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Dairy Farm Lessons

A boy from the Bronx recalls a summer working on a dairy farm and what he learned.

| April 2015

  • The E.J. Louis farm
    The E.J. Louis Farm dates to at least 1929.
    Photo courtesy Raymond Glassman
  • Raymond Glassman
    Raymond Glassman, age 15. "Jenny was harnessed and ready to pull a cultivator," he recalls. "I rode her through the garden as we cultivated."
    Photo courtesy Raymond Glassman
  • Ed and Edith Louis and dog, Wolf
    Ed and Edith Louis and their dog, Wolf.
    Photo courtesy Raymond Glassman

  • The E.J. Louis farm
  • Raymond Glassman
  • Ed and Edith Louis and dog, Wolf

Due to the extreme shortage of farm labor during World War II, many teenagers between the ages of 14 and 18 volunteered to work on farms through the Farm Cadet program administered by the New York Department of Agriculture in the early 1940s.

When I read Leonard Rue’s article (A Year to Forget) in the August 2014 issue of Farm Collector, my experiences in the Farm Cadet program came back to life. Just as Rue described, the dynamics of the “hired man” farm labor force went through significant change during the war years.

We were recruited for the program in our high school and through other sources. The program was a huge success and still exists, in a modified form, today. Cadets were expected to work on a farm for a specified period of time, ranging from a few weeks to two or three months, depending on the assigned farmer’s requirements. First-year cadets in New York were paid $1 per day, plus room and board. The cost of transportation from home to farm and back was paid by the employer.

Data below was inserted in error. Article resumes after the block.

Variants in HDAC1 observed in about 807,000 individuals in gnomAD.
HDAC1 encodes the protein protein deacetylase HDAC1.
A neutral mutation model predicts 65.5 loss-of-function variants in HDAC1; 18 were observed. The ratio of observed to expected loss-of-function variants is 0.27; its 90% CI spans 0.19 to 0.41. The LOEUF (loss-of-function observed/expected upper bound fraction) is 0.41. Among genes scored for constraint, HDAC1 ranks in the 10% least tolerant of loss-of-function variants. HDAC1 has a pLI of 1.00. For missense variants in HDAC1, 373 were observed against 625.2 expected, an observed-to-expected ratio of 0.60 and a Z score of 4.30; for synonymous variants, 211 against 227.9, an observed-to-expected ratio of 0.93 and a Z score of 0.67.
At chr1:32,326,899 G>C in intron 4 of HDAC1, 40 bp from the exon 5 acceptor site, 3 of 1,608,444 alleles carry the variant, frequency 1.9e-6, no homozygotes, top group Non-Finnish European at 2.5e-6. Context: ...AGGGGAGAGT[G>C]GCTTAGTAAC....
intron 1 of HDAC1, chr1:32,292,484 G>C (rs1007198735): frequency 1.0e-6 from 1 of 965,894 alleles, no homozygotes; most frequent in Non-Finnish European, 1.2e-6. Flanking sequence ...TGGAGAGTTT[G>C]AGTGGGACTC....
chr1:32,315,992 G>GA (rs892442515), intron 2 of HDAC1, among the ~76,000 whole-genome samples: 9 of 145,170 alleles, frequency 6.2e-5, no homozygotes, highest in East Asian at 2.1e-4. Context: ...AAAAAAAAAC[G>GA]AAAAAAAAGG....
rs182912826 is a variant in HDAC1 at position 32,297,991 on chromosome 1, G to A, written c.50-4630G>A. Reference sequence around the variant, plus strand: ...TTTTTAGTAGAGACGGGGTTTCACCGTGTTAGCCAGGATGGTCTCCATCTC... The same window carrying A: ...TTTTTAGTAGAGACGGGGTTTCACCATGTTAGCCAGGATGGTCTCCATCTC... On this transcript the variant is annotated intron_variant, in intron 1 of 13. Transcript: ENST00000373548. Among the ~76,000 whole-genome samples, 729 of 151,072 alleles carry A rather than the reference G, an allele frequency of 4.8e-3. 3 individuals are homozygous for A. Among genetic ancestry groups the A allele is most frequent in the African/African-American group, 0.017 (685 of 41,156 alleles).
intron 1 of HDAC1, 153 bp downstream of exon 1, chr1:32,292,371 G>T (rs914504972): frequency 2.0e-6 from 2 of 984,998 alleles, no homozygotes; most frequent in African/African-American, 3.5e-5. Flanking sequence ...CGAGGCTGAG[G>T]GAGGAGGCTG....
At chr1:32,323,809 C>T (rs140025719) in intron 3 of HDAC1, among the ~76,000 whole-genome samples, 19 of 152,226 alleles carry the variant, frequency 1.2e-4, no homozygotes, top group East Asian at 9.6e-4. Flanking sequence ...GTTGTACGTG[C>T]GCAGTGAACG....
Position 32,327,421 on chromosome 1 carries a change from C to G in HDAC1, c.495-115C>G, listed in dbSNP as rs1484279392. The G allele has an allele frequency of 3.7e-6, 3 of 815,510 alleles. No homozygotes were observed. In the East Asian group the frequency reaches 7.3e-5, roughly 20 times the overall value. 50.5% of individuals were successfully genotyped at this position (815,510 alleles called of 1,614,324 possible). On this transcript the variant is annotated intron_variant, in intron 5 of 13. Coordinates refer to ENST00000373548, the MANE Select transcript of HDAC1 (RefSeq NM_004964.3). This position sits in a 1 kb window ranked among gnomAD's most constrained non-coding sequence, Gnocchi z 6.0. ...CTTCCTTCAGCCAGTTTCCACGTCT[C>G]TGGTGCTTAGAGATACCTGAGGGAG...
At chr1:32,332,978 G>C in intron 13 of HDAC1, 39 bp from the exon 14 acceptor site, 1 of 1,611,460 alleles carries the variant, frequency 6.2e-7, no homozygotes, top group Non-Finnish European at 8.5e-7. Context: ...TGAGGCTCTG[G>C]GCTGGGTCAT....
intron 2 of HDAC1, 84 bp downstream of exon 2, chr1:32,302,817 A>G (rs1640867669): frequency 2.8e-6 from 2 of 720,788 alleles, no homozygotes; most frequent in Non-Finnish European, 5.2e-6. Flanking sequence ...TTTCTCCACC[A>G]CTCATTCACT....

In 1948, I was a 15-year-old student at DeWitt Clinton High School in the Bronx in New York City. I met the recruiter, Mr. Foltz, through a classmate who had worked on a farm the previous year. To me, the idea of getting out of the city for the summer and getting paid a dollar a day was manna from heaven.

Off to the farm

So, on the day after school let out for the summer, a classmate and I boarded the train from Grand Central Station to Utica, New York. From there, we traveled to the dairy farm of Ed and Edith Louis in Herkimer County, outside of Utica. I was extremely fortunate to be assigned to that farm. As I learned later that first summer, not all farms and farmers were created equal. Some kids were treated terribly under extremely difficult situations.

The Louises had no children. We were treated like their own family. At the mid-morning break, we ate ice cream made from milk (mostly cream) from their Jersey cow. Mrs. Louis prepared three big, delicious meals a day, accompanied by farm-fresh milk from the dairy.


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